If you are connecting to my blog using an email you received from me, do **not** click the link to sat.collegeboard.org below. Use the link to my website that is farther down on the email.

http://sat.collegeboard.org/practice/sat-question-of-the-day?src=R&questionId=20130314 (This link takes you to today’s question. If you use my archive, you will see the question related to my SAT explanation for that date.)

The answer is C. Gosh, you sure could do the question following the explanation provided by the SAT folks but why would you do that? It takes a lot of time and you could make a simple math mistake along the way. There is certainly an easier way to do it

Just use a couple of the Wizard’s strategies. First, since it is a circle question, the key to answering it will be the radii of the circles. Just looking at the circles (drawn to scale) and then reading the information, you know the radius of the small circle is half that of the larger circle. (You can see the diameter of the small circle is the same as the radius of the large circle. That makes the radius of the small one half as big as the radius of the big one.) That means the ratio between the two radii is 1:2.

Second, just plug in the ratios of the radii into the formula for the area of a circle. 1 squared is 1 pi and 2 squared is 4 pi. That shows you the big circle is 4 times as big. 48/4 is 12, answer C.

There’s even an easier way to figure it out. Just plug the increase in size from the small to the large circle into the area of a circle formula. It is twice as big; so, plug 2 for r into the formula. You have to square 2 and so you know it will be four times as big. Again, divide by 4 and you get 12, answer C.

This process always works. Just plug the relative size into the equation for whatever figure you are given. For example, what if you have two cubes and the length of the sides are 3 and 6? The large cube’s side is two times as big. Plug 2 into the equation for the volume of a cube. 2 cubed is eight. The big cube’s volume is 8 times that of the small cube. Practice this technique and build your confidence. Your confidence will increase your score.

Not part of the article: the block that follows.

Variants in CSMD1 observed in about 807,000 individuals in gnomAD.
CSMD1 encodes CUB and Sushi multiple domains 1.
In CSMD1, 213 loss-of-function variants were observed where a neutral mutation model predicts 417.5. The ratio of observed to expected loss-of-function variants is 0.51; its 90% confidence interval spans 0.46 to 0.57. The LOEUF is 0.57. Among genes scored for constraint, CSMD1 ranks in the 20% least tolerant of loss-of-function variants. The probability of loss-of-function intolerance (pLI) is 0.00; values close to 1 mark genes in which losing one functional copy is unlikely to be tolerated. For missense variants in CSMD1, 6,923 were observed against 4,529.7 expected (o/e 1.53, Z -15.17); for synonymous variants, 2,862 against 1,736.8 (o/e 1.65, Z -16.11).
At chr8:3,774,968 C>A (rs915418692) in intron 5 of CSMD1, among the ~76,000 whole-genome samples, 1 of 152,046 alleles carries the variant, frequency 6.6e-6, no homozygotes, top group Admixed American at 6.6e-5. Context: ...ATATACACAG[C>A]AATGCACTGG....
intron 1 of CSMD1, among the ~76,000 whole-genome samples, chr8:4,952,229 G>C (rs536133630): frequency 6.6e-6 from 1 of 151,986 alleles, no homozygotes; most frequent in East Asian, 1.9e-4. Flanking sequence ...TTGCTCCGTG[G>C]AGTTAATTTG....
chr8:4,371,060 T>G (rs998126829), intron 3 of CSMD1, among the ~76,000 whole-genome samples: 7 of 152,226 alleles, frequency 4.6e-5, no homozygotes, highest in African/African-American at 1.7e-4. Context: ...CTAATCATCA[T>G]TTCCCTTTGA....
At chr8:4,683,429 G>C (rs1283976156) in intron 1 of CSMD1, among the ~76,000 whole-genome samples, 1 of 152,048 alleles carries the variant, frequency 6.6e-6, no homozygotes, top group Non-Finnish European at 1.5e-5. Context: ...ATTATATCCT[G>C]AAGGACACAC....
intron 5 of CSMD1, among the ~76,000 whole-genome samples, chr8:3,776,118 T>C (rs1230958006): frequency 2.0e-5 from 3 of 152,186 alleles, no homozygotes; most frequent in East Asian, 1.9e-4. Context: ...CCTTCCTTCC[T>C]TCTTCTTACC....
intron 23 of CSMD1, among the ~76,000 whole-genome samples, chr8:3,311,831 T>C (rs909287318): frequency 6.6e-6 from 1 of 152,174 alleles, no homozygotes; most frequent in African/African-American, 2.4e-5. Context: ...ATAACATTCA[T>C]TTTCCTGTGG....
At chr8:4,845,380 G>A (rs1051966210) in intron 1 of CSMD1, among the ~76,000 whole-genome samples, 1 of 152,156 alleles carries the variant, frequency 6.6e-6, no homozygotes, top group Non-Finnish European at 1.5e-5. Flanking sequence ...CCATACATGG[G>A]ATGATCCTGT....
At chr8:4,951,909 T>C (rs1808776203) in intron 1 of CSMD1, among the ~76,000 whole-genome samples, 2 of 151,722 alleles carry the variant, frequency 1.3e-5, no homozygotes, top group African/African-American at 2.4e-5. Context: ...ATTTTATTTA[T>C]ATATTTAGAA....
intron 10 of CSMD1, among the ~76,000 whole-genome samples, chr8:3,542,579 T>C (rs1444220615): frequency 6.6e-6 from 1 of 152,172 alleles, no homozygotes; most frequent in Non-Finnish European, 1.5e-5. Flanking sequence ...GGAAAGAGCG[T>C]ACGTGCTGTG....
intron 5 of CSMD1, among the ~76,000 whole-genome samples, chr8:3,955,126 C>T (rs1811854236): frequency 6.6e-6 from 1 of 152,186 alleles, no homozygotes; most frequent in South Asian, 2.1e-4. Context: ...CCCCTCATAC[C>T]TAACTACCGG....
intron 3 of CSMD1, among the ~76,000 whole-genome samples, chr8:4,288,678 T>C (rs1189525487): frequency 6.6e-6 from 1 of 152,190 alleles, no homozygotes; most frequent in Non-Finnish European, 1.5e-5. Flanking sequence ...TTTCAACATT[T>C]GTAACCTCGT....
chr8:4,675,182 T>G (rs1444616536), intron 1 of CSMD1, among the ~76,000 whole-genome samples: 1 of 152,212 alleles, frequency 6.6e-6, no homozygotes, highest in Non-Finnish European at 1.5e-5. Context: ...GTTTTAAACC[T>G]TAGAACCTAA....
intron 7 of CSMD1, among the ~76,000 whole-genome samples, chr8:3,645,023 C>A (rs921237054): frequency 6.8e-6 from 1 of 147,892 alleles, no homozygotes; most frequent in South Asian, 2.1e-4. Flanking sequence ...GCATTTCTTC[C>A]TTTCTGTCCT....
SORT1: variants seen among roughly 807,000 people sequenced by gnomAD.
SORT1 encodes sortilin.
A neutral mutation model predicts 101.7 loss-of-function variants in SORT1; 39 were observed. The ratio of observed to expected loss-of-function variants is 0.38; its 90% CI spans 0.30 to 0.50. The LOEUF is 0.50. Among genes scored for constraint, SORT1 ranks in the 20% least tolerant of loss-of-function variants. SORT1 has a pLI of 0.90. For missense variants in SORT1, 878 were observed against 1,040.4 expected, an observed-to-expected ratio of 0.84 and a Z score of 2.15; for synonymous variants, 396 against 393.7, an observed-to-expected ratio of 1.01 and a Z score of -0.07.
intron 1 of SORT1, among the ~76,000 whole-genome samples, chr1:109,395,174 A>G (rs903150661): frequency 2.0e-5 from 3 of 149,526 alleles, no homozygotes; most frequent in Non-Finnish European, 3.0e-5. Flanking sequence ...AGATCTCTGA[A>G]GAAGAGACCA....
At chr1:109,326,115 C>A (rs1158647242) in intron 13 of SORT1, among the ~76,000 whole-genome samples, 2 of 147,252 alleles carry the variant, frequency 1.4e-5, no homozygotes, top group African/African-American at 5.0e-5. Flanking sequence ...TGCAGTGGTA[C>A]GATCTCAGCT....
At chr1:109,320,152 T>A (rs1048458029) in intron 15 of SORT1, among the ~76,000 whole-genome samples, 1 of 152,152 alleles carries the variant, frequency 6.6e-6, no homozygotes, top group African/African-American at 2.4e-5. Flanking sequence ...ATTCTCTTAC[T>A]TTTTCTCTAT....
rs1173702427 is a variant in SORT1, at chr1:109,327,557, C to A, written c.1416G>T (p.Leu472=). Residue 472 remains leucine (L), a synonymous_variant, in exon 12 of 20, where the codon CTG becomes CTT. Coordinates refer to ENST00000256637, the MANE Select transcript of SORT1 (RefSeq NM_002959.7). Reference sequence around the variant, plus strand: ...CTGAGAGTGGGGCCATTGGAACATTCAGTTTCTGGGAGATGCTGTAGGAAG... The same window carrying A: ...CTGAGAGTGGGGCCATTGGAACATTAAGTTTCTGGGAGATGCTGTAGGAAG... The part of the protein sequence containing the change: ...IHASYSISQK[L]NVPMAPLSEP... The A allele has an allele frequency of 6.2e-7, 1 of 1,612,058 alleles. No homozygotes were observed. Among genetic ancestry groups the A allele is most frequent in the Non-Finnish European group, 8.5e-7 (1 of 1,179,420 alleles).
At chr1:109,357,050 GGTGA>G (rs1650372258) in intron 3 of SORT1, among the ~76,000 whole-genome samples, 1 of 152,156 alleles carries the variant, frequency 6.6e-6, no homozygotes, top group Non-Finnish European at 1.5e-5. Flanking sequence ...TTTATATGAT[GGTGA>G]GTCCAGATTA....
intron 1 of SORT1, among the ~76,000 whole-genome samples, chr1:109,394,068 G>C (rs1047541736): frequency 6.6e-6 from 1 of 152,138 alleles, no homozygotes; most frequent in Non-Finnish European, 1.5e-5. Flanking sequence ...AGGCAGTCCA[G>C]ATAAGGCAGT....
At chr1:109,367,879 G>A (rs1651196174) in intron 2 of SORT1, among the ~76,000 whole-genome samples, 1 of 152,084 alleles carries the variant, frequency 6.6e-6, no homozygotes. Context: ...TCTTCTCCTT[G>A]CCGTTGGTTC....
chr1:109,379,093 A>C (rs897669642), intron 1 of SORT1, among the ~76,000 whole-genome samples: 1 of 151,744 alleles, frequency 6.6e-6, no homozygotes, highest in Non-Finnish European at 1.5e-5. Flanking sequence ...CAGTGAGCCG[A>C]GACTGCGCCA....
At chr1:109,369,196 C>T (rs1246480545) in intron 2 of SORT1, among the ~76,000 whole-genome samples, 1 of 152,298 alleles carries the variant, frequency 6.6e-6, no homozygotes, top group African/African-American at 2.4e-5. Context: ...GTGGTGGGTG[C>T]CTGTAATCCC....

Let’s move on to see what the ACT folks have for us this morning.

http://www.act.org/qotd/ (The ACT staff does not put a date on their questions so if you click on an archived blog, you’ll get today’s question and the old explanation. Sorry. The SAT staff has dated their questions; so, the archive is helpful. The ACT folks simply don’t do that.)

The answer is A. There’s nothing wrong with the sentence. When there is “NO CHANGE” to the underlined part of the sentence on both the ACT and SAT, the question can be among the hardest ones to get correct. That is because we are all expecting a mistake and make one up when there isn’t one! There will be some quesitons on each test that you don’t have to fix or identify a mistake. On the SAT, they are frequently towards the end of each grammar format since questions are organized from easy to hard on the SAT. (The exception is the SAT “fix the passage” questions which are organized chronologically in sync with the passage.) However, on the ACT, they can be anywhere since there is no organization based on difficulty.

I hope my LNHS students are watching the ACT DVD for Monday’s class. Have a great day.

The Wizard